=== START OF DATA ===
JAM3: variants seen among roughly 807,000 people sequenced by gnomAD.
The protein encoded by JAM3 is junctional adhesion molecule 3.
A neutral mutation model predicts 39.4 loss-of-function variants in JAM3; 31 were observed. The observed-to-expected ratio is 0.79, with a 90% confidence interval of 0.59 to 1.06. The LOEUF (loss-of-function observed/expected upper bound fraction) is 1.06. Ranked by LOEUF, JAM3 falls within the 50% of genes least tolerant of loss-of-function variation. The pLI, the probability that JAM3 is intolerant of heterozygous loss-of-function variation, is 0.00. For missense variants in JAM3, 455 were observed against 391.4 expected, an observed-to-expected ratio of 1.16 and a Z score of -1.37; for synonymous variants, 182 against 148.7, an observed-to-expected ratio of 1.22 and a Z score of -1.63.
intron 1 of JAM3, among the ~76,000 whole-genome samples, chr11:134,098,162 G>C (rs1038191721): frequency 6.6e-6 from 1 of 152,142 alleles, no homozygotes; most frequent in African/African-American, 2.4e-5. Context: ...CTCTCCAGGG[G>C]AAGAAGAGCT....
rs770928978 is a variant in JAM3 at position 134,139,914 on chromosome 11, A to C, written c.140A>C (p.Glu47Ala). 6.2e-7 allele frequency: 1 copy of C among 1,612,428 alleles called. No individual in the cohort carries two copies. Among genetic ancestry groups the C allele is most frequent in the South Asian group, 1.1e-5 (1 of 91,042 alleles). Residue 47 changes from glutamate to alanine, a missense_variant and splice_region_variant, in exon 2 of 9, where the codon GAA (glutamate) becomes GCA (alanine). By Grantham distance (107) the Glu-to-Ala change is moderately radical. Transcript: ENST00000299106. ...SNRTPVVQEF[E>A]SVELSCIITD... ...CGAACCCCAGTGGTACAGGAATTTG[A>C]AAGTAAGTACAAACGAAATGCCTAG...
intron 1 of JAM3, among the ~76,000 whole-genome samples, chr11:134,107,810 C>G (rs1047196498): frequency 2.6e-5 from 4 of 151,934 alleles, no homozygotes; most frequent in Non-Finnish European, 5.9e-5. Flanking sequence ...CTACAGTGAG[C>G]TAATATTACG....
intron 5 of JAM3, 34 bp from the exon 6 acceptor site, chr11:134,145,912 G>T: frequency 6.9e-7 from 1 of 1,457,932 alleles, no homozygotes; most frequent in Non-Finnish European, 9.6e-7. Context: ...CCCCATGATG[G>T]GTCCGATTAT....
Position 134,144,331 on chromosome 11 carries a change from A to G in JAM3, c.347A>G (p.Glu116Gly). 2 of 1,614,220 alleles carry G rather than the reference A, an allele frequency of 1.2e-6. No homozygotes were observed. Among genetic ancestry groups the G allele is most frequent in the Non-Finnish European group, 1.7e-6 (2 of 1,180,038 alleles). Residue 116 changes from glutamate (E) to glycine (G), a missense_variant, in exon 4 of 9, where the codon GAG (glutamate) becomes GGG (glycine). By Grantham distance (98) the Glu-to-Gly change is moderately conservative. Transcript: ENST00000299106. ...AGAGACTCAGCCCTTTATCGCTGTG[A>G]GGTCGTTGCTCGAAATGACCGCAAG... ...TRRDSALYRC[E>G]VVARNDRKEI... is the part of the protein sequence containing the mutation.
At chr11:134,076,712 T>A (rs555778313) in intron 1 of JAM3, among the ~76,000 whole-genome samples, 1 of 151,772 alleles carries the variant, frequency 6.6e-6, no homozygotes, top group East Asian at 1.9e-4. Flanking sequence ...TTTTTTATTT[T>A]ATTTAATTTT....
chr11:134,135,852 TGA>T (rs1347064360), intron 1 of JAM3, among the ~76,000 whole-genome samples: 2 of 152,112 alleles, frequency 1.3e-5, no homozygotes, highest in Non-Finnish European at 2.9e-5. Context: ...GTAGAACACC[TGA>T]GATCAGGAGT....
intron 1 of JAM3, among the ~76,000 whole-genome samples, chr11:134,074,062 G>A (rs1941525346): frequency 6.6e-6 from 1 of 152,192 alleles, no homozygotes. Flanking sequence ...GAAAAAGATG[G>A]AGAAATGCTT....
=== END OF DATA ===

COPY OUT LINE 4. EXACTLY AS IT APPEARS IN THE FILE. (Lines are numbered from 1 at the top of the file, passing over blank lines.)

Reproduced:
intron 1 of JAM3, among the ~76,000 whole-genome samples, chr11:134,098,162 G>C (rs1038191721): frequency 6.6e-6 from 1 of 152,142 alleles, no homozygotes; most frequent in African/African-American, 2.4e-5. Context: ...CTCTCCAGGG[G>C]AAGAAGAGCT....